For me, a trip beach is inextricably linked to reading fiction.
When I was young, my father’s parents had a house in Water Mill, Long Island; my mother’s parents in Sea Girt, New Jersey. On the day school ended, my father’s mother would show up at our home in New Jersey in her white Thunderbird to pick up my brother and me, and we would take off for two weeks on the Long Island shore. In August, the ritual would be repeated, but with my mother’s parents, who arrived in a sensible Dodge, not a Thunderbird.
In both places, we went to the beach everyday there was “enough blue in the sky to make a Dutchman’s pants,” as my New Jersey grandmother would say. On Long Island, we played in the waves, went to the Penny Candy Store, visited a swimming pool that belonged to a family friend. In New Jersey we built sandcastles, took walks on the boardwalk, and played mini-golf.
And always, we read. We read on the beach, of course. To this day, reading when I am completely disconnected and relaxed, with waves breaking in the background, and the smell of salt in the air, is one of my favorite things. I remember just as fondly the rainy days at the beach, when it was possible to stretch out on the living room floor and read all day. In Water Mill, I plowed through my grandparents’ Agatha Christies and Dorothy L. Sayers. In Sea Girt, I read all the Earl Stanley Gardners that were stored on the guestroom bookshelf, always looking for the part about the naked woman on the cover, always disappointed. But I loved the stories anyway.
Those rainy days made me the mystery writer I am today.
When my children were young, my parents revived the tradition of the beach vacation. They rented a house in Stone Harbor, New Jersey and all of our activities continued–the beach trips, the mini-golf, the Jersey corn and tomatoes. And the reading.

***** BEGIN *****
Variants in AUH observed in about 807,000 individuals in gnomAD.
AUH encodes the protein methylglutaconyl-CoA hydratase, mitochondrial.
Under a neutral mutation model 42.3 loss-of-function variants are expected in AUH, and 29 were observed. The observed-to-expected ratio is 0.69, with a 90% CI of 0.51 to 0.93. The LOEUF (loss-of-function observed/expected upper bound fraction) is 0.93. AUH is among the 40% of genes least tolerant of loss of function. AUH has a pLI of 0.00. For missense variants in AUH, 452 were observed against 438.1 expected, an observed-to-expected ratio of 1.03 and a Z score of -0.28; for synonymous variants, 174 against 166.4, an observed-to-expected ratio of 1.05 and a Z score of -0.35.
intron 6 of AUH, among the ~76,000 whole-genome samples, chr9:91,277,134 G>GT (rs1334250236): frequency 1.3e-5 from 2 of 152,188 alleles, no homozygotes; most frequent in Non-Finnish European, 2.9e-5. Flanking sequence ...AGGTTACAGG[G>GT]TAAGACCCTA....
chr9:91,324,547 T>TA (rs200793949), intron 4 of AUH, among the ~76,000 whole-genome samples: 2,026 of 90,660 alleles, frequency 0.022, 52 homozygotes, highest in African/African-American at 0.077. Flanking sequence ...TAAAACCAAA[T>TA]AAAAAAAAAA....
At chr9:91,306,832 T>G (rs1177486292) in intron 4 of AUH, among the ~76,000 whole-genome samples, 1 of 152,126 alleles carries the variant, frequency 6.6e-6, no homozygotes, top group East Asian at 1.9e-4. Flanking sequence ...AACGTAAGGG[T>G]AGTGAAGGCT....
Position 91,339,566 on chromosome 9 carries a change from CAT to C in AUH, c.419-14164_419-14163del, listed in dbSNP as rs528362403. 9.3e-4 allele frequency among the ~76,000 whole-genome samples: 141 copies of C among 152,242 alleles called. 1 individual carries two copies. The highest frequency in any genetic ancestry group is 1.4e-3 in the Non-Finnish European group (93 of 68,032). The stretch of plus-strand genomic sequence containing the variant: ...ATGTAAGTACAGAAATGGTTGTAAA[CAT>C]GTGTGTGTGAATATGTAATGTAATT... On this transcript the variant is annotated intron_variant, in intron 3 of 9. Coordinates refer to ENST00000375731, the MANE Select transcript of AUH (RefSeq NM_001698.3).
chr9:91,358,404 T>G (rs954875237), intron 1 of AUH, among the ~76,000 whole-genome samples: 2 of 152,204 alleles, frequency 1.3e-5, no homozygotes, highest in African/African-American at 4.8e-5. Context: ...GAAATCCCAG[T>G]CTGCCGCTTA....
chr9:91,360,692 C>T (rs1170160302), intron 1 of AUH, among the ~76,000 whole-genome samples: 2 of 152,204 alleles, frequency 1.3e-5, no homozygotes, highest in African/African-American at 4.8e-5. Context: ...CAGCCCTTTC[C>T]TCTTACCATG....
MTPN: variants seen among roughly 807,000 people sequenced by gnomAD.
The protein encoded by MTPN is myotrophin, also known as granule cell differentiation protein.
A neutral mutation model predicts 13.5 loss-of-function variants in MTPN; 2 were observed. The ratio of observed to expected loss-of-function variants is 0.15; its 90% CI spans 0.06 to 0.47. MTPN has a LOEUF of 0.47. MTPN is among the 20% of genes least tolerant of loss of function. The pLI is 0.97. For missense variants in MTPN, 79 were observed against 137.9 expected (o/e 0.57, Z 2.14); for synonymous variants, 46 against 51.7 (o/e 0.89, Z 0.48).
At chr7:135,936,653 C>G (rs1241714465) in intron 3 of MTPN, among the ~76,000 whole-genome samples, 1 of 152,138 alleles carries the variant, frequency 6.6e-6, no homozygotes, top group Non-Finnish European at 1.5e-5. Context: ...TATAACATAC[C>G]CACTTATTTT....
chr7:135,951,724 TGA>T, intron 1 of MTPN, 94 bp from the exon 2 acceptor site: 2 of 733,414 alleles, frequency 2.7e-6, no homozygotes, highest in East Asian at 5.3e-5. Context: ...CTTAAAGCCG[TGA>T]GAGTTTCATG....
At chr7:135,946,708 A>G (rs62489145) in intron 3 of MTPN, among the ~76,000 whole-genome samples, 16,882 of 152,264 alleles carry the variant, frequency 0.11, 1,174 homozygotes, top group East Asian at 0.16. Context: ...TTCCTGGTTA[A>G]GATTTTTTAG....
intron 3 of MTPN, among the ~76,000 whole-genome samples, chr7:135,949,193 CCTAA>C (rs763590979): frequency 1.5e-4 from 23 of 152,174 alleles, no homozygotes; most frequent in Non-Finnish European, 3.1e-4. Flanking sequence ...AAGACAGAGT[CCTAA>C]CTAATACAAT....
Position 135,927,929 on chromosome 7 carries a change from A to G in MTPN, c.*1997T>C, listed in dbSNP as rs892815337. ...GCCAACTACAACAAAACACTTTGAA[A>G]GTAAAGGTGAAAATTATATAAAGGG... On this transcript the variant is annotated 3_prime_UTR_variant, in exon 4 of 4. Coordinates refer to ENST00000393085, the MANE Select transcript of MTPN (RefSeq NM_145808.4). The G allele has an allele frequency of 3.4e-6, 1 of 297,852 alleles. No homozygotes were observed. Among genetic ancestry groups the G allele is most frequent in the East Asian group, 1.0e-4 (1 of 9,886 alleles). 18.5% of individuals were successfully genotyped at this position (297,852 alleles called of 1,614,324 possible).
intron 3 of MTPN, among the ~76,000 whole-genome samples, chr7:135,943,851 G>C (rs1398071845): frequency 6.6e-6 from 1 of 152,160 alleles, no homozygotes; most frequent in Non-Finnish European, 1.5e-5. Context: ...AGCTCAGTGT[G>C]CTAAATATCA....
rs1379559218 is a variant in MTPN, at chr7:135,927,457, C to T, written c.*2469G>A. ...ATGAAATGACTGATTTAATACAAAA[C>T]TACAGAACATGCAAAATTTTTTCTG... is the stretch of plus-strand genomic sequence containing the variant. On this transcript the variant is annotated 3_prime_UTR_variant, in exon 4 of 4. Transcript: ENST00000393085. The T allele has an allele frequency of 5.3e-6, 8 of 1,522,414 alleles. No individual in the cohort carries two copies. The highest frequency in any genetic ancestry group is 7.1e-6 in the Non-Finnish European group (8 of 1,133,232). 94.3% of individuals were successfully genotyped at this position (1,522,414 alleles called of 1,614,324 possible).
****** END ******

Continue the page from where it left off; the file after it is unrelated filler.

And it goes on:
This is one of my favorite photos from the beach. Three generations all with their noses buried in books, except my nephew Hume who is looking at the camera. I think there’s a book hidden in his towel.
The tradition fell apart when the grandchildren got to high school and had summer jobs and sports camps. After my mother died, my sister-in-law had one request. “I want to go back to the beach.” So now we’ve started it up with a whole new generation, my granddaughter and grandniece—and two new babies and a new nephew-in-law in the wings. August can’t come soon enough.
Barbara Ross is the author of six Maine Clambake Mysteries. The seventh, Steamed Open, will be published in December 2018. Her novella featuring Julia Snowden is included along with stories by Leslie Meier and Lee Hollis in Eggnog Murder. A second anthology, Yule Log Murder, is coming in October 2018.
It’s June in Busman’s Harbor, Maine, and Julia Snowden and her family are working hard to get their authentic Maine clambake business ready for summer. Preparations must be put on hold, however, when a mysterious yacht drops anchor in the harbor—and delivers an unexpected dose of murder . . .
When Julia’s old prep school rival Wyatt Jayne invites her to dinner on board her billionaire fiancé’s decked-out yacht, Julia arrives to find a sumptuous table set for two—and the yachtsman dead in his chair. Suspicion quickly falls on Wyatt, and Julia’s quest to dredge up the truth leads her into the murky private world of a mega-rich recluse who may not have been all that he seemed . . .
Praise for Iced Under
“Ross knows her Maine coast and her snowstorms. Both provide an atmospheric backdrop for a cozy that . . . picks up its pace when its focus returns to the living and the newly dead.” —Kirkus Reviews